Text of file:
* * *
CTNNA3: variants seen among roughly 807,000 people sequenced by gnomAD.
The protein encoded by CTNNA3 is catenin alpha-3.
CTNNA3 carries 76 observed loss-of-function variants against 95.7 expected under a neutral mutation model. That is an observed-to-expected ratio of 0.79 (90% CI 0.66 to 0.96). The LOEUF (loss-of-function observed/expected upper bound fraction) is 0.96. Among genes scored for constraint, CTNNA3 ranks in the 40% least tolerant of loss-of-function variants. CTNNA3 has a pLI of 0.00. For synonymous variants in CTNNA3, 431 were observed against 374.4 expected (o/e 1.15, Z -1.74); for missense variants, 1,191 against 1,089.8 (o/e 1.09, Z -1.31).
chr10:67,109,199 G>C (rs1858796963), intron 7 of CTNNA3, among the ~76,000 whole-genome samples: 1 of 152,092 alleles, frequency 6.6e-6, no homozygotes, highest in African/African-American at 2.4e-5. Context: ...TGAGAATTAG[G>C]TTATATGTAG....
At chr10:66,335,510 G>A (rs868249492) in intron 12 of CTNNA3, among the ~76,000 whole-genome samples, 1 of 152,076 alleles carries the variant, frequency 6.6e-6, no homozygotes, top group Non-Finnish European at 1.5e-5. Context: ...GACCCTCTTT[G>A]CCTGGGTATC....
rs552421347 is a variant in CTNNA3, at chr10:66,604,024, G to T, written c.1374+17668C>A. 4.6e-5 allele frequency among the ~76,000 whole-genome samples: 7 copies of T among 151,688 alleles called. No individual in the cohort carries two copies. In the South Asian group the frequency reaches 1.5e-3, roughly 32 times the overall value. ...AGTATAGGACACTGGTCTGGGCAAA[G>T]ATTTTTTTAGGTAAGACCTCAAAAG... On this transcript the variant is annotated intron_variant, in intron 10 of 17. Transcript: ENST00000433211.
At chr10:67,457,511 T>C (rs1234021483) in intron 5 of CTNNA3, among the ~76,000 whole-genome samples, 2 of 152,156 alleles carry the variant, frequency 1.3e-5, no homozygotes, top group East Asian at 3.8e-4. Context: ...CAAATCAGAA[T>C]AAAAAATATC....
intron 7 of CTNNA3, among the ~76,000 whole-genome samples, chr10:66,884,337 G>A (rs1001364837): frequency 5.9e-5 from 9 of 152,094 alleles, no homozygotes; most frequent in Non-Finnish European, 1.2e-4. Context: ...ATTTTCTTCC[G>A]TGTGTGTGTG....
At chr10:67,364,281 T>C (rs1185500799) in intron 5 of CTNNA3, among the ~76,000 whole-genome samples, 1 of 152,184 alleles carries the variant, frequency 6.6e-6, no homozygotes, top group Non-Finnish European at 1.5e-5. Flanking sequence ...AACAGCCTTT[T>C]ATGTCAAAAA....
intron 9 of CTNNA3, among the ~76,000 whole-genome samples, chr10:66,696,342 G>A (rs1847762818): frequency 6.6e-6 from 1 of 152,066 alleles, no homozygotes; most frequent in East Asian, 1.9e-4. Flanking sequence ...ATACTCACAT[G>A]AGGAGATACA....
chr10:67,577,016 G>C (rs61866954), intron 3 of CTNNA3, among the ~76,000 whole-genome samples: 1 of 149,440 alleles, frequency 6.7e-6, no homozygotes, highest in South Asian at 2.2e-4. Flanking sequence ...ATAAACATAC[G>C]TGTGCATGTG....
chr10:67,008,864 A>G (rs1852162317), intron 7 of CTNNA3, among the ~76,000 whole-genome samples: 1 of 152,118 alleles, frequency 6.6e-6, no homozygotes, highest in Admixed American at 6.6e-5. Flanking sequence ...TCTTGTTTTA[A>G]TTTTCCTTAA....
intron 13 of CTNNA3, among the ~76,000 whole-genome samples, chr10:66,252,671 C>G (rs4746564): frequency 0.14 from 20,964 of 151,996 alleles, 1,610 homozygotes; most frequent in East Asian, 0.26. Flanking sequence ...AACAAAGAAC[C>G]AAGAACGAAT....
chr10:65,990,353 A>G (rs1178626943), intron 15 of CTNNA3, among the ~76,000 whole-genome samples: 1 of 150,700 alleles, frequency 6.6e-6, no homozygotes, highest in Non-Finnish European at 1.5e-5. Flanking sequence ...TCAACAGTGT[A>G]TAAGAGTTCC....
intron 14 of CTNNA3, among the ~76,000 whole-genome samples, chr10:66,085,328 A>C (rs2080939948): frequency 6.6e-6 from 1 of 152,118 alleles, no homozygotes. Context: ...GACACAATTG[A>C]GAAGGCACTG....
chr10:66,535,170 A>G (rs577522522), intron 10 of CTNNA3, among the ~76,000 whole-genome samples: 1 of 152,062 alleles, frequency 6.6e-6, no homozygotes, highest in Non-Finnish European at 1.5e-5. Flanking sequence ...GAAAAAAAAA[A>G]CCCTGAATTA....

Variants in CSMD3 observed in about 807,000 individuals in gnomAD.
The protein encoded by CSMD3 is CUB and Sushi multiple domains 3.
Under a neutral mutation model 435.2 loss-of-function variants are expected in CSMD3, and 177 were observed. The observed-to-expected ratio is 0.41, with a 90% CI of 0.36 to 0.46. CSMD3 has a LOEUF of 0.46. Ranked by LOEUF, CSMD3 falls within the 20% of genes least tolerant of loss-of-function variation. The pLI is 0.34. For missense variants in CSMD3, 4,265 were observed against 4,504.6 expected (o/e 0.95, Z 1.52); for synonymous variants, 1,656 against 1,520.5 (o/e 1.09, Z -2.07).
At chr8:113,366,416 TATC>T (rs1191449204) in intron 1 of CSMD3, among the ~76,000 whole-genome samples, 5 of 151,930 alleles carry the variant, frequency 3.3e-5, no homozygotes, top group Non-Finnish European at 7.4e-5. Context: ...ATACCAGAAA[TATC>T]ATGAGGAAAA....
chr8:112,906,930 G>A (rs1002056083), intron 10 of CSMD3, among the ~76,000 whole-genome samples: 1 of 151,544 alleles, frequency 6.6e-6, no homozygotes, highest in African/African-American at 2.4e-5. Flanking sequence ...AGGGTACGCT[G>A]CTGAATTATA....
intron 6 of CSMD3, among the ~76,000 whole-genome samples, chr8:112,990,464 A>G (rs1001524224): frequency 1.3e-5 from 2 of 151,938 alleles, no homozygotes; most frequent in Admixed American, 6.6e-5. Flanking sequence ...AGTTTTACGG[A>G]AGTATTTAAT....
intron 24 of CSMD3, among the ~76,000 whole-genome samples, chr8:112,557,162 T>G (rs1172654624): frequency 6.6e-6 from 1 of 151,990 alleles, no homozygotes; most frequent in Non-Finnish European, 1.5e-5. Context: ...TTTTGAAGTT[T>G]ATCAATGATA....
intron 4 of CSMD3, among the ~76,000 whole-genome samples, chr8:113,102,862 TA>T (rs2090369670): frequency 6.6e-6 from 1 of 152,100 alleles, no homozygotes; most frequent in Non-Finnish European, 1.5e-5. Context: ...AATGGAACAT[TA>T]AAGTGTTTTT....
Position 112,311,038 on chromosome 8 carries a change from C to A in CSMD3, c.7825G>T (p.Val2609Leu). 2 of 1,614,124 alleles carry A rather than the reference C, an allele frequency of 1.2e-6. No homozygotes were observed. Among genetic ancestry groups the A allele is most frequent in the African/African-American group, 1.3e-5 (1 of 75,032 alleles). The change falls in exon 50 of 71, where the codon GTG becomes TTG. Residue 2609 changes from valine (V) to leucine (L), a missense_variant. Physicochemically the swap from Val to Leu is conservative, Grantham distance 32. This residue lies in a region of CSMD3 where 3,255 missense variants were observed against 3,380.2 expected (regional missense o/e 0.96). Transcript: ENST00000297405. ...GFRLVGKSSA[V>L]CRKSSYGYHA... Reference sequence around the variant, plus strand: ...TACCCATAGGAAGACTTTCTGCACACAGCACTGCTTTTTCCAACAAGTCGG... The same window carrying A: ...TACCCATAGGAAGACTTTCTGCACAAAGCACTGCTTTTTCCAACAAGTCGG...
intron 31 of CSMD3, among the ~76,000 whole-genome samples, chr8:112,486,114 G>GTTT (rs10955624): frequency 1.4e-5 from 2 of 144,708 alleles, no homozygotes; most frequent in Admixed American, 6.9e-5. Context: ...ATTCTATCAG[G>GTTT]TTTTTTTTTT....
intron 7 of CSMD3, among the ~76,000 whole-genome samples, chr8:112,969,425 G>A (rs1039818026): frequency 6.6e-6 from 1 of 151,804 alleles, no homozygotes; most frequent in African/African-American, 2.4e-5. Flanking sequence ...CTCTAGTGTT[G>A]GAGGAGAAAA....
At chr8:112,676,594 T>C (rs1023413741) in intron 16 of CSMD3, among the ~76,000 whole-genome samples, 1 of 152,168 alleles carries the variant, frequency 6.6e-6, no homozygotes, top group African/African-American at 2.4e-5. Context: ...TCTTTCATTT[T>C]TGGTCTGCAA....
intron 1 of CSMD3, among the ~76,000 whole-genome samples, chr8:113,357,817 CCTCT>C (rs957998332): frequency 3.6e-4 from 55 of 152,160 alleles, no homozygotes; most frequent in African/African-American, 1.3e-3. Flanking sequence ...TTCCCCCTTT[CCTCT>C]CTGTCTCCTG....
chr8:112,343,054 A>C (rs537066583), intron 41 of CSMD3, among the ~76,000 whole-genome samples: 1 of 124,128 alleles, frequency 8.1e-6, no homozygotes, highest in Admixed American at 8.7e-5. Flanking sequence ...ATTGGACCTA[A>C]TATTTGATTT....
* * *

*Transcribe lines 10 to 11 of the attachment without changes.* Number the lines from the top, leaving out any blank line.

intron 9 of CTNNA3, among the ~76,000 whole-genome samples, chr10:66,696,342 G>A (rs1847762818): frequency 6.6e-6 from 1 of 152,066 alleles, no homozygotes; most frequent in East Asian, 1.9e-4. Flanking sequence ...ATACTCACAT[G>A]AGGAGATACA....
chr10:67,577,016 G>C (rs61866954), intron 3 of CTNNA3, among the ~76,000 whole-genome samples: 1 of 149,440 alleles, frequency 6.7e-6, no homozygotes, highest in South Asian at 2.2e-4. Flanking sequence ...ATAAACATAC[G>C]TGTGCATGTG....